author = "Adebayo, {Oluwamuyiwa Winifred}",
year = "2019",
month = "4",
day = "9",
language = "English (US)",

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TY - CONF

T1 - College Students' Preferences for Sexually Transmitted Infection Information: A Qualitative Study

AU - Adebayo, Oluwamuyiwa Winifred

PY - 2019/4/9

Y1 - 2019/4/9

N2 - PURPOSE: College students experience a high burden of Sexually Transmitted Infections (STIs) but have very low rates of STI testing. STI testing is crucial for diagnoses, treatments, and consequent reduction in STI transmission. Currently, STI testing occurs mainly due to healthcare professionals’ recommendation. However, this is insufficient because college students do not routinely visit clinical settings, and healthcare professionals report biases that restrict the recommendation of STI testing. There is growing knowledge on the need to facilitate self-initiation (i.e., testing without an immediate recommendation from a healthcare professional) of STI testing among college students. A significant aspect of self-initiated testing is the access and utilization of STI testing information. The purpose of this study was to identify the preferences of college students for receiving STI testing information. DESIGN/METHODS: A qualitative study using individual in-depth interviews was conducted with 35 college students aged 18 to 24 years in Central Pennsylvania. Semi-structured interview questions explored participants’ preferences for information on STI testing, including the method of dissemination, format, content, and frequency. Data were analyzed using a conventional approach to qualitative content analysis. RESULTS/EXPECTED RESULTS: Findings from this study indicated that participants do not receive sufficient information on STI testing. An email was the most preferred way to receive STI testing information among college students. Subsequent themes that emerged described participants’ preferences for information on testing sites, times and availability of testing services, cost and acceptable forms of payments, and compelling statistics on STIs.DISCUSSION/CONCLUSION: The high incidence of STIs among college students is an indication of the need to increase efforts in diagnoses and treatments that consequently reduce transmission. This study is significant for research targeting the development and evaluation of low-cost interventions to improve the uptake of STI testing among college students. Recommendations for clinical practice and policy are discussed.

AB - PURPOSE: College students experience a high burden of Sexually Transmitted Infections (STIs) but have very low rates of STI testing. STI testing is crucial for diagnoses, treatments, and consequent reduction in STI transmission. Currently, STI testing occurs mainly due to healthcare professionals’ recommendation. However, this is insufficient because college students do not routinely visit clinical settings, and healthcare professionals report biases that restrict the recommendation of STI testing. There is growing knowledge on the need to facilitate self-initiation (i.e., testing without an immediate recommendation from a healthcare professional) of STI testing among college students. A significant aspect of self-initiated testing is the access and utilization of STI testing information. The purpose of this study was to identify the preferences of college students for receiving STI testing information. DESIGN/METHODS: A qualitative study using individual in-depth interviews was conducted with 35 college students aged 18 to 24 years in Central Pennsylvania. Semi-structured interview questions explored participants’ preferences for information on STI testing, including the method of dissemination, format, content, and frequency. Data were analyzed using a conventional approach to qualitative content analysis. RESULTS/EXPECTED RESULTS: Findings from this study indicated that participants do not receive sufficient information on STI testing. An email was the most preferred way to receive STI testing information among college students. Subsequent themes that emerged described participants’ preferences for information on testing sites, times and availability of testing services, cost and acceptable forms of payments, and compelling statistics on STIs.DISCUSSION/CONCLUSION: The high incidence of STIs among college students is an indication of the need to increase efforts in diagnoses and treatments that consequently reduce transmission. This study is significant for research targeting the development and evaluation of low-cost interventions to improve the uptake of STI testing among college students. Recommendations for clinical practice and policy are discussed.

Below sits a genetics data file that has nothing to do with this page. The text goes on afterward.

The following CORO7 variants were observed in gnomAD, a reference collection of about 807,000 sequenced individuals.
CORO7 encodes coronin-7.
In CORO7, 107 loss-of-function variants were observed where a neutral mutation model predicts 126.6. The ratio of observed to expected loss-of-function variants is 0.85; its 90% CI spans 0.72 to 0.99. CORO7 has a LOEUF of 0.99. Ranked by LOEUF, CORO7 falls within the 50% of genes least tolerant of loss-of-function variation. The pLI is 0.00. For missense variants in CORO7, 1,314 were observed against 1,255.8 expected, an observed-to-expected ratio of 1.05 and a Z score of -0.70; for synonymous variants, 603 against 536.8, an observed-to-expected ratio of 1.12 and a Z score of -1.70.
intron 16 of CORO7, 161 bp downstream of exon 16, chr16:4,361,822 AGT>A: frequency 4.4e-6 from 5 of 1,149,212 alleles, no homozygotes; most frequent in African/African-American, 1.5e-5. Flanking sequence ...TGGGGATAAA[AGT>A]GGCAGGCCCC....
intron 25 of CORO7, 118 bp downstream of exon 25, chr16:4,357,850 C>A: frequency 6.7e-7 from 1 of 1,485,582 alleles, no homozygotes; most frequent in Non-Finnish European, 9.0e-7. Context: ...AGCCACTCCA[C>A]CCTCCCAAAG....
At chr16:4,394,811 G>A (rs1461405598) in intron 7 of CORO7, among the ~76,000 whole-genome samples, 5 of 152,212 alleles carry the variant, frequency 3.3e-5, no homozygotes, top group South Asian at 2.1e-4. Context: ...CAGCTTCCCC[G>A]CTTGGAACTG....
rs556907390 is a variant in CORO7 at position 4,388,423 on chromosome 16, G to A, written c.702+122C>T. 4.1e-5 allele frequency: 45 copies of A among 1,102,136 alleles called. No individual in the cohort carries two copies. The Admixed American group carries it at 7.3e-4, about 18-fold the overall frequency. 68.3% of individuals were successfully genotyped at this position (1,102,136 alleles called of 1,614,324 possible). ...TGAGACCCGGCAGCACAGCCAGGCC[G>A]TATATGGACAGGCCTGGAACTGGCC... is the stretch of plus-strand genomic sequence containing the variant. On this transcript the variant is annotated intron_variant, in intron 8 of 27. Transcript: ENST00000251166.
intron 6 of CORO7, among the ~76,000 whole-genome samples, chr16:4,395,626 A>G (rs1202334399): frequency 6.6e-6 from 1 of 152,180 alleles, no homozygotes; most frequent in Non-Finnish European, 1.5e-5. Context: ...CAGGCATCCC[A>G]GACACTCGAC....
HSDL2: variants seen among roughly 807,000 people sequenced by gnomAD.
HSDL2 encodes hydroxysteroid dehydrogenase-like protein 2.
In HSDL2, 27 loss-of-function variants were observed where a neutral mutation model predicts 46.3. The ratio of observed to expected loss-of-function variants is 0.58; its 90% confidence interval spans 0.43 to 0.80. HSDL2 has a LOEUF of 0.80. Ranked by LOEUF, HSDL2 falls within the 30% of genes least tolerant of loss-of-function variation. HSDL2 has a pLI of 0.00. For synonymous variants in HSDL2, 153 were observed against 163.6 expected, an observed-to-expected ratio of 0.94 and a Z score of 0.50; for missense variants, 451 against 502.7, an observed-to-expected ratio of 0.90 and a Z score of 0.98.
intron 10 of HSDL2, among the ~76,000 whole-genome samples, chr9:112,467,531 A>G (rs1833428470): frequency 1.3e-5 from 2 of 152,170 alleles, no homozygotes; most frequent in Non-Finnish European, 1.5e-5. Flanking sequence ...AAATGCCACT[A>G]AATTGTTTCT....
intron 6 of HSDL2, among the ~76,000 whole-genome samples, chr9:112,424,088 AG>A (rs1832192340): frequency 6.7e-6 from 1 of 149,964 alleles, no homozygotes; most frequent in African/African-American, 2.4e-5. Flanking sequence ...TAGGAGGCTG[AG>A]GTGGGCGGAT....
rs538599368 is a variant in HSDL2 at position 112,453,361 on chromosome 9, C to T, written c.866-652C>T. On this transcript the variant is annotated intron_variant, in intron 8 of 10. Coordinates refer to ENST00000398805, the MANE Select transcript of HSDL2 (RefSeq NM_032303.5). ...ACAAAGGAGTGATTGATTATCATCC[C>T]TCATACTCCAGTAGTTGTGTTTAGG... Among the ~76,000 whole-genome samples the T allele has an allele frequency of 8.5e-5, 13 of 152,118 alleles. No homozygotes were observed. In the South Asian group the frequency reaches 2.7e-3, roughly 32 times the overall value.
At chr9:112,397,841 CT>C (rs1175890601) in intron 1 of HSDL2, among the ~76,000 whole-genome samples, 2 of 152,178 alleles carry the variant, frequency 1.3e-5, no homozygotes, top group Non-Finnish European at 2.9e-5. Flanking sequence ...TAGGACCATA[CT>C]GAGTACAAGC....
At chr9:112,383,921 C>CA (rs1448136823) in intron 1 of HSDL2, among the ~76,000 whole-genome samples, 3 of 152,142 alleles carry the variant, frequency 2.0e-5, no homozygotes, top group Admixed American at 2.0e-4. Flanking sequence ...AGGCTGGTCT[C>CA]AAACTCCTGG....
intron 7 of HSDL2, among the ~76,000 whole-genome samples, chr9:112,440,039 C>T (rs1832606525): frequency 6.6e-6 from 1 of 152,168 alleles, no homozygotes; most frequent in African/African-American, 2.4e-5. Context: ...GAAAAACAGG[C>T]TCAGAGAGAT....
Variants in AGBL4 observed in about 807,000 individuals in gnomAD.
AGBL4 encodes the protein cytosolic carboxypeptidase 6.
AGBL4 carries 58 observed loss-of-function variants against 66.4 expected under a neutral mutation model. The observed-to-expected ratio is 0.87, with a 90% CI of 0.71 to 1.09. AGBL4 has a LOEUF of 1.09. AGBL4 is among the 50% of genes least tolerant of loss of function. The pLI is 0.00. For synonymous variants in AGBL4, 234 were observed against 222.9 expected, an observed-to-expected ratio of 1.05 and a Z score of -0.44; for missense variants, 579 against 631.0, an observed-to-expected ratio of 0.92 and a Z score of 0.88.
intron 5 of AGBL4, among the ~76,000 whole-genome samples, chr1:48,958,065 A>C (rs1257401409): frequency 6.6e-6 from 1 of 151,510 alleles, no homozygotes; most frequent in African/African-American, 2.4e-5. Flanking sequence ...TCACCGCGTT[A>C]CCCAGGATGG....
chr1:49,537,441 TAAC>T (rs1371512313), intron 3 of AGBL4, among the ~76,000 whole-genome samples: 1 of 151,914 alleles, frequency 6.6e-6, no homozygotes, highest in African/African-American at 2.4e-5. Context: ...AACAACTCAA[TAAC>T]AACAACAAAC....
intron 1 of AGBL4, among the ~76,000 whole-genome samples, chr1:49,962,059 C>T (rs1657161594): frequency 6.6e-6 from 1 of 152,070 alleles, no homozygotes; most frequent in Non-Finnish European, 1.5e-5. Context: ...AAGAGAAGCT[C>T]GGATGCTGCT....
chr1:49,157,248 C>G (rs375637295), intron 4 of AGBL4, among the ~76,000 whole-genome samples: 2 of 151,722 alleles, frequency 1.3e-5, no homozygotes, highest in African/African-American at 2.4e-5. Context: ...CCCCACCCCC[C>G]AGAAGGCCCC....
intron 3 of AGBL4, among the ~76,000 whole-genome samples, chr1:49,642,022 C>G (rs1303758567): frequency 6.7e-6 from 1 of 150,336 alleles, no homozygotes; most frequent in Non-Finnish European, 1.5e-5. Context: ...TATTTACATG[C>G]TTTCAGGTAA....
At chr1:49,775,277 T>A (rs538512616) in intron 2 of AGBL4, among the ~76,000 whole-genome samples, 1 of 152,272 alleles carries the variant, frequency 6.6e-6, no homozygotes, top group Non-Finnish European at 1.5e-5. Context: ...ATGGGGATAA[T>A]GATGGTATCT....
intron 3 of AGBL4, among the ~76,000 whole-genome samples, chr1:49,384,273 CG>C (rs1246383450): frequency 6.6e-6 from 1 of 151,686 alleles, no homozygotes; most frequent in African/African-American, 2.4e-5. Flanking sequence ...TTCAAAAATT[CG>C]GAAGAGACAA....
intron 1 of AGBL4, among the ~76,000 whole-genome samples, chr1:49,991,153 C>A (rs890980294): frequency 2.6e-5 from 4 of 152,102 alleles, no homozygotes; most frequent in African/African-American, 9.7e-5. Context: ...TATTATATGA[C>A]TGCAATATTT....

UR - http://xula.the1joshuagroup.com/Support_Files/2019-XULA-PodiumA.pdf

M3 - Abstract

ER -